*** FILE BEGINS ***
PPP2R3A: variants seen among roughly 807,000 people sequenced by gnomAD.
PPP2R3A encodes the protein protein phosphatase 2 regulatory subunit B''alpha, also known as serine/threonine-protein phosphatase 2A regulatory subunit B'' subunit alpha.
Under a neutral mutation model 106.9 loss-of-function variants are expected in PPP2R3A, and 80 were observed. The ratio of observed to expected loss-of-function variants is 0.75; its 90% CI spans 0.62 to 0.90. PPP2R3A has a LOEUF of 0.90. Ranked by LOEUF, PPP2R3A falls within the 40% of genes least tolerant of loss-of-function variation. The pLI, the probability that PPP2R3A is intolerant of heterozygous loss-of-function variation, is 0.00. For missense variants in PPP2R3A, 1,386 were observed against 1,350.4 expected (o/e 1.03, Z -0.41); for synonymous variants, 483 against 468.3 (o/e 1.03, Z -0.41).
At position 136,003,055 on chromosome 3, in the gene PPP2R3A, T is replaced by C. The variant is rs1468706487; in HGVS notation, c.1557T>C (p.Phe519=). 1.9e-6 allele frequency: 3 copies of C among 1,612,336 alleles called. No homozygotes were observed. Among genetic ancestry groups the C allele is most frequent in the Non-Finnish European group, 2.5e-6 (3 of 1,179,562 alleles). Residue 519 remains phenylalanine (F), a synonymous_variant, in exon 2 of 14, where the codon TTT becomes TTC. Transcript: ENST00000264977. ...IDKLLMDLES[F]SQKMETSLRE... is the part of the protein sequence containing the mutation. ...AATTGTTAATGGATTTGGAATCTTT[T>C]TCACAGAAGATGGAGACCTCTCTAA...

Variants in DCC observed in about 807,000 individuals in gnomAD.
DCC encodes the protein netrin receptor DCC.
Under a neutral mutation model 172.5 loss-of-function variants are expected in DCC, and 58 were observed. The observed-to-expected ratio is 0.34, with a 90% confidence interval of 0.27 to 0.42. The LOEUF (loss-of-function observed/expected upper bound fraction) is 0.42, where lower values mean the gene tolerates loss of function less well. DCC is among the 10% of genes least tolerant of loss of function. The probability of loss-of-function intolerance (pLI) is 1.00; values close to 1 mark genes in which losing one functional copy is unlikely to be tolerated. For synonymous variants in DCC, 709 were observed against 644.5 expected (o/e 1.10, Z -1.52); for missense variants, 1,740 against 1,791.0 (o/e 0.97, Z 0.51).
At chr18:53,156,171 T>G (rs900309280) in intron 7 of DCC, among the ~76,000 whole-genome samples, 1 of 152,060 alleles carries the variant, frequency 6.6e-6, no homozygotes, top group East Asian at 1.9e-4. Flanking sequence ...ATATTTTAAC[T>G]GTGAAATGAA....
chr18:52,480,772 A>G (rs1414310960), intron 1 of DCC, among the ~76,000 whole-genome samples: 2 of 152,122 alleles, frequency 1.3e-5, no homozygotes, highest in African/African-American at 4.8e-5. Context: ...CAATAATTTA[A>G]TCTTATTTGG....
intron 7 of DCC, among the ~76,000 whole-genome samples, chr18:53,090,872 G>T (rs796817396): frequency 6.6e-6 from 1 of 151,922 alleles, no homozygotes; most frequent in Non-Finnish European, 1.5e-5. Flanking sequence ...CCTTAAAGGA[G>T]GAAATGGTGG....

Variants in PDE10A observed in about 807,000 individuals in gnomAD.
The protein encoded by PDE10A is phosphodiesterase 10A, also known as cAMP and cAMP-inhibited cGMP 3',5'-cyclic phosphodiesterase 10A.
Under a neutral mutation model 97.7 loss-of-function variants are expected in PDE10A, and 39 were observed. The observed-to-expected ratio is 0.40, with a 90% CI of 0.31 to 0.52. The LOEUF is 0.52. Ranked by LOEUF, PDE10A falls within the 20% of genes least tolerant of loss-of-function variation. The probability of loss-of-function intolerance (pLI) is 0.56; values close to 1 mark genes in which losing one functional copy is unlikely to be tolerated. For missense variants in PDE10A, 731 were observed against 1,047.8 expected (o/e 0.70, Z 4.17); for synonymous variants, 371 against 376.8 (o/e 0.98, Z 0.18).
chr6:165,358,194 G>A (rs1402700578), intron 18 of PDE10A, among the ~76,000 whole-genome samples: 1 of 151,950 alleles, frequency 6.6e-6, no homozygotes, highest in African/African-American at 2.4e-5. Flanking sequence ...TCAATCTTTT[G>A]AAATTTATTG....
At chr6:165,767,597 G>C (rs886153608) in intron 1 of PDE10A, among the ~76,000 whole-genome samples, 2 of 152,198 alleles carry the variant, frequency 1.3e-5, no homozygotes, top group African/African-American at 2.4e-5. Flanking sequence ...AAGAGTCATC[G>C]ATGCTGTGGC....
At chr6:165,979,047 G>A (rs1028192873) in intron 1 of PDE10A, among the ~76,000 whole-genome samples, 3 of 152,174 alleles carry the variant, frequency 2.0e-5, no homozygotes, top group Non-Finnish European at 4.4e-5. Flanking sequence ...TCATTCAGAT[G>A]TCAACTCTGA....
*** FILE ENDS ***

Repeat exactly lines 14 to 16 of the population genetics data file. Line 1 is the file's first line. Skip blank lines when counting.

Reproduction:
chr6:165,358,194 G>A (rs1402700578), intron 18 of PDE10A, among the ~76,000 whole-genome samples: 1 of 151,950 alleles, frequency 6.6e-6, no homozygotes, highest in African/African-American at 2.4e-5. Flanking sequence ...TCAATCTTTT[G>A]AAATTTATTG....
At chr6:165,767,597 G>C (rs886153608) in intron 1 of PDE10A, among the ~76,000 whole-genome samples, 2 of 152,198 alleles carry the variant, frequency 1.3e-5, no homozygotes, top group African/African-American at 2.4e-5. Flanking sequence ...AAGAGTCATC[G>C]ATGCTGTGGC....
At chr6:165,979,047 G>A (rs1028192873) in intron 1 of PDE10A, among the ~76,000 whole-genome samples, 3 of 152,174 alleles carry the variant, frequency 2.0e-5, no homozygotes, top group Non-Finnish European at 4.4e-5. Flanking sequence ...TCATTCAGAT[G>A]TCAACTCTGA....